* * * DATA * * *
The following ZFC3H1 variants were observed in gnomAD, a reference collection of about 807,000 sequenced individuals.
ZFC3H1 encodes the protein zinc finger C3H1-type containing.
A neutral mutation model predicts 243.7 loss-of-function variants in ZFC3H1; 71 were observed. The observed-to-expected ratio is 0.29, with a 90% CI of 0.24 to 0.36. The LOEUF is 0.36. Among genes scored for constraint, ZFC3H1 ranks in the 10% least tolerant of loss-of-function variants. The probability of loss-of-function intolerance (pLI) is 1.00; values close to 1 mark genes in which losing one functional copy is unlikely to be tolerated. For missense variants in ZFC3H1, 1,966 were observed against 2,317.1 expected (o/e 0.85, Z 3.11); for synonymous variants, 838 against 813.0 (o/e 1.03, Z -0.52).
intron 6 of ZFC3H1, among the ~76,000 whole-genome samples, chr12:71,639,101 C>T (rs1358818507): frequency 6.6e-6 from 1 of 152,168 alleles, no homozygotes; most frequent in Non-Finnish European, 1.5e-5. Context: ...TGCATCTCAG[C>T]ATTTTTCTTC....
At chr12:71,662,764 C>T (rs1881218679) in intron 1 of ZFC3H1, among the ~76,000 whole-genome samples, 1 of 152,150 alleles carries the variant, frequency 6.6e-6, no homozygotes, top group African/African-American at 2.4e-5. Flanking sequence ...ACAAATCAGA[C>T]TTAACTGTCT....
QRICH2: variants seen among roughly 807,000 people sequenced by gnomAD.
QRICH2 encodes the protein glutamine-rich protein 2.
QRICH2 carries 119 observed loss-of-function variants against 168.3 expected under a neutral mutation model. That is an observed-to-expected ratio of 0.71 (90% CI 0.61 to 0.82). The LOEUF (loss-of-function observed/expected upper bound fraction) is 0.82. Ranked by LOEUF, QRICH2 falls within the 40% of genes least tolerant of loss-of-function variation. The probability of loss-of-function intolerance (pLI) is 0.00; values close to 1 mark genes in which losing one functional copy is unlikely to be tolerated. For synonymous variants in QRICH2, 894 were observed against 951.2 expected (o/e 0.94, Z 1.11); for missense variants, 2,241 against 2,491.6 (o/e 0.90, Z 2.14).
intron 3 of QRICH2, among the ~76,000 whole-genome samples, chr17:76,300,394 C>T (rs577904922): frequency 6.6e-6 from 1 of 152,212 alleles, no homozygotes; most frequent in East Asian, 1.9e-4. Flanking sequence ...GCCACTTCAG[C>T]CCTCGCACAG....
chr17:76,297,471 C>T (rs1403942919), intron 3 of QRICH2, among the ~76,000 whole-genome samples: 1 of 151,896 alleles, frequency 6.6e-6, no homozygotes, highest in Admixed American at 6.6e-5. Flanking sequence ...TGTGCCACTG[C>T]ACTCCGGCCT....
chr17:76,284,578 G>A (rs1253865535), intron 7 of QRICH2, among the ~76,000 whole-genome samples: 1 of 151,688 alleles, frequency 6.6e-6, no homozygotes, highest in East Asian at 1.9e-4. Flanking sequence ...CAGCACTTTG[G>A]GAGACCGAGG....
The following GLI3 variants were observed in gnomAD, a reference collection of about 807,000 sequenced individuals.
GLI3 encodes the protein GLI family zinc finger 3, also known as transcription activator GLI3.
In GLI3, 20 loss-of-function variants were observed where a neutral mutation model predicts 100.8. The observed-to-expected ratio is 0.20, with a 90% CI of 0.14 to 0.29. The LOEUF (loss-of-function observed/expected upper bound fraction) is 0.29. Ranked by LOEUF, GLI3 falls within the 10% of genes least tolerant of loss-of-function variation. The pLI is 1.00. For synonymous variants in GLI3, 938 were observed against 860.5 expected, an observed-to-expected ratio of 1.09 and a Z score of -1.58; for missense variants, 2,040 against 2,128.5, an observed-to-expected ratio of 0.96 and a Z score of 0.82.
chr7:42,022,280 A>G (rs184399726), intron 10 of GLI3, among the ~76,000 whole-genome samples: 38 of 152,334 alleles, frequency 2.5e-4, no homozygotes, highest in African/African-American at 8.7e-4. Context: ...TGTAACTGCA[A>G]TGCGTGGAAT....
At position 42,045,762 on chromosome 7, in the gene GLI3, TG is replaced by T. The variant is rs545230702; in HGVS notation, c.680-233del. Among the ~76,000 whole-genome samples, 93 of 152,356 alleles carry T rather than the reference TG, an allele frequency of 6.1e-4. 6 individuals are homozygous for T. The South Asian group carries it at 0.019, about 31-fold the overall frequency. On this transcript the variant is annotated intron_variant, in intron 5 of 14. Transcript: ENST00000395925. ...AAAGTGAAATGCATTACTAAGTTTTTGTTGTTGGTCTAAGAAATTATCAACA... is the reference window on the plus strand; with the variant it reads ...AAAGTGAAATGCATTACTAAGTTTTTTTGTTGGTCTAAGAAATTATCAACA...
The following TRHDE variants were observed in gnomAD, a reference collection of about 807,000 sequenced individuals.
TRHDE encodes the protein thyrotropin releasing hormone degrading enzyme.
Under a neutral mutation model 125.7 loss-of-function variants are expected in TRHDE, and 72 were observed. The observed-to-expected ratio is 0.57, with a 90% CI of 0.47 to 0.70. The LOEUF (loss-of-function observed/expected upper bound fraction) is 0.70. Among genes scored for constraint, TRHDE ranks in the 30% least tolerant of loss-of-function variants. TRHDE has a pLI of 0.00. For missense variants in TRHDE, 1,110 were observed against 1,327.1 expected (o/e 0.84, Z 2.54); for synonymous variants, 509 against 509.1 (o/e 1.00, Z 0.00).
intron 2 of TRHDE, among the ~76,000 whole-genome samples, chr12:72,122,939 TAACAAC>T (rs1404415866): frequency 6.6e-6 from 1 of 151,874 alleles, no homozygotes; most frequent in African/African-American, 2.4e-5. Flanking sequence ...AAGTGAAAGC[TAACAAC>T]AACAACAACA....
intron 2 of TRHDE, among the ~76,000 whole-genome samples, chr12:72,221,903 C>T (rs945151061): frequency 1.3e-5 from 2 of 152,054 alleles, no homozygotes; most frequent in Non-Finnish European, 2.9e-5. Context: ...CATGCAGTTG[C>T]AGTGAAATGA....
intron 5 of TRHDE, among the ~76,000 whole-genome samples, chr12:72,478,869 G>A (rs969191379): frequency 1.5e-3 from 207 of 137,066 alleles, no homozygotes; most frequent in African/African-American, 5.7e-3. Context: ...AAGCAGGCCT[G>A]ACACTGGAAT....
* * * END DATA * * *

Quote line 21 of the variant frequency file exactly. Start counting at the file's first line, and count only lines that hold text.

intron 2 of TRHDE, among the ~76,000 whole-genome samples, chr12:72,221,903 C>T (rs945151061): frequency 1.3e-5 from 2 of 152,054 alleles, no homozygotes; most frequent in Non-Finnish European, 2.9e-5. Context: ...CATGCAGTTG[C>T]AGTGAAATGA....